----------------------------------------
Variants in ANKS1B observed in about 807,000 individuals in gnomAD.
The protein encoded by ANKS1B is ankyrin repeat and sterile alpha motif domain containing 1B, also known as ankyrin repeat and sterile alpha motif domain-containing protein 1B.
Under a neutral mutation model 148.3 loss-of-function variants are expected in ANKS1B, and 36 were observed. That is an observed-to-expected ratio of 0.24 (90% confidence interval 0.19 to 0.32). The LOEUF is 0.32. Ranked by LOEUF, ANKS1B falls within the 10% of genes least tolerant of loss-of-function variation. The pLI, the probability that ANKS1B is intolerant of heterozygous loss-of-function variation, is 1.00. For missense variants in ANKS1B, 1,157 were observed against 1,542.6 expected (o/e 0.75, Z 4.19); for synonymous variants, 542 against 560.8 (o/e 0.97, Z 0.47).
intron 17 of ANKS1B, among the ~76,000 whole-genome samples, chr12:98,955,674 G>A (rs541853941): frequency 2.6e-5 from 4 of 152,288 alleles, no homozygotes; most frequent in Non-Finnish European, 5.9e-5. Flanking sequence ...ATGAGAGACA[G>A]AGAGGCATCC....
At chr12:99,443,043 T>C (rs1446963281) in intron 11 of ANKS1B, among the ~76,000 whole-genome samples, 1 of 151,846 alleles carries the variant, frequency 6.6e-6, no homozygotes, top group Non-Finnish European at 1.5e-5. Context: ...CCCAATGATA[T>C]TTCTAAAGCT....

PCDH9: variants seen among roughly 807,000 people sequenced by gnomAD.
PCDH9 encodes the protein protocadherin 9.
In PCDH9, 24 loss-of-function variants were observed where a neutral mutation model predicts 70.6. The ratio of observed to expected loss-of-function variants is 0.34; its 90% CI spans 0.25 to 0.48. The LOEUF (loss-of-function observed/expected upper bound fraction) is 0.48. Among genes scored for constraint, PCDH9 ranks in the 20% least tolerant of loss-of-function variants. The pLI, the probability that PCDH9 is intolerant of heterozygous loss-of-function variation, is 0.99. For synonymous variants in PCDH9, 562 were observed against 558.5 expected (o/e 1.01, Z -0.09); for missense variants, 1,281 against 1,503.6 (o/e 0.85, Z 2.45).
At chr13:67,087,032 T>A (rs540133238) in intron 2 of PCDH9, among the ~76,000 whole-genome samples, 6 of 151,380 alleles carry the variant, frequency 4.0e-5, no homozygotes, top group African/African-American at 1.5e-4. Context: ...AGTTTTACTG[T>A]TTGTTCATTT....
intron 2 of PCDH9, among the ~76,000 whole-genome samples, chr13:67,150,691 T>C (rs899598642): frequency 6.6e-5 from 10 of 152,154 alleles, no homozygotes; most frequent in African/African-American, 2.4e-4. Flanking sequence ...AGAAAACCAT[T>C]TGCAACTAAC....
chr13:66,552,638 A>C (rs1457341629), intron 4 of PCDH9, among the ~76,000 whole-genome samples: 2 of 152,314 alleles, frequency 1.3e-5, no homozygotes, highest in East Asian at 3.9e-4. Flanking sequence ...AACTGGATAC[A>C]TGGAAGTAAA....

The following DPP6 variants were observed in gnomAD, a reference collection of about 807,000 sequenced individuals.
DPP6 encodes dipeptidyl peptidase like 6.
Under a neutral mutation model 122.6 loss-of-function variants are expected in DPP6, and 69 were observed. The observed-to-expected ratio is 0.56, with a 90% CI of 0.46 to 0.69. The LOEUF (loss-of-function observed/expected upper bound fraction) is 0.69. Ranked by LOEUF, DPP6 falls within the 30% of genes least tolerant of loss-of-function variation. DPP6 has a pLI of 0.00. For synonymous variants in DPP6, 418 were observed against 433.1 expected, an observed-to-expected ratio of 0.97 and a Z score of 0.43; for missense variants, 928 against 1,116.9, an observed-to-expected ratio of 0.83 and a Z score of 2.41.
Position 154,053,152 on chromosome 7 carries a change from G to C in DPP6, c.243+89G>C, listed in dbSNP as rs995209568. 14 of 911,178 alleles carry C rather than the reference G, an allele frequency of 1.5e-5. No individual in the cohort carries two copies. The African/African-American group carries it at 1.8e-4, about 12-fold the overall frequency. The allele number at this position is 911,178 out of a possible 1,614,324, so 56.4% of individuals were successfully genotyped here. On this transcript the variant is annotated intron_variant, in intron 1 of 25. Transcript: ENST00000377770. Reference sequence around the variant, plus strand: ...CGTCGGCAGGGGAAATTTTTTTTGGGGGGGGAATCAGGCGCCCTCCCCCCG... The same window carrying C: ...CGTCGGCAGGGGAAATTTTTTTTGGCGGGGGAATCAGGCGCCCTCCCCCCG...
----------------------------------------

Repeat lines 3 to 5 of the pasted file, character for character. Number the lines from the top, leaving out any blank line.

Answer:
Under a neutral mutation model 148.3 loss-of-function variants are expected in ANKS1B, and 36 were observed. That is an observed-to-expected ratio of 0.24 (90% confidence interval 0.19 to 0.32). The LOEUF is 0.32. Ranked by LOEUF, ANKS1B falls within the 10% of genes least tolerant of loss-of-function variation. The pLI, the probability that ANKS1B is intolerant of heterozygous loss-of-function variation, is 1.00. For missense variants in ANKS1B, 1,157 were observed against 1,542.6 expected (o/e 0.75, Z 4.19); for synonymous variants, 542 against 560.8 (o/e 0.97, Z 0.47).
intron 17 of ANKS1B, among the ~76,000 whole-genome samples, chr12:98,955,674 G>A (rs541853941): frequency 2.6e-5 from 4 of 152,288 alleles, no homozygotes; most frequent in Non-Finnish European, 5.9e-5. Flanking sequence ...ATGAGAGACA[G>A]AGAGGCATCC....
At chr12:99,443,043 T>C (rs1446963281) in intron 11 of ANKS1B, among the ~76,000 whole-genome samples, 1 of 151,846 alleles carries the variant, frequency 6.6e-6, no homozygotes, top group Non-Finnish European at 1.5e-5. Context: ...CCCAATGATA[T>C]TTCTAAAGCT....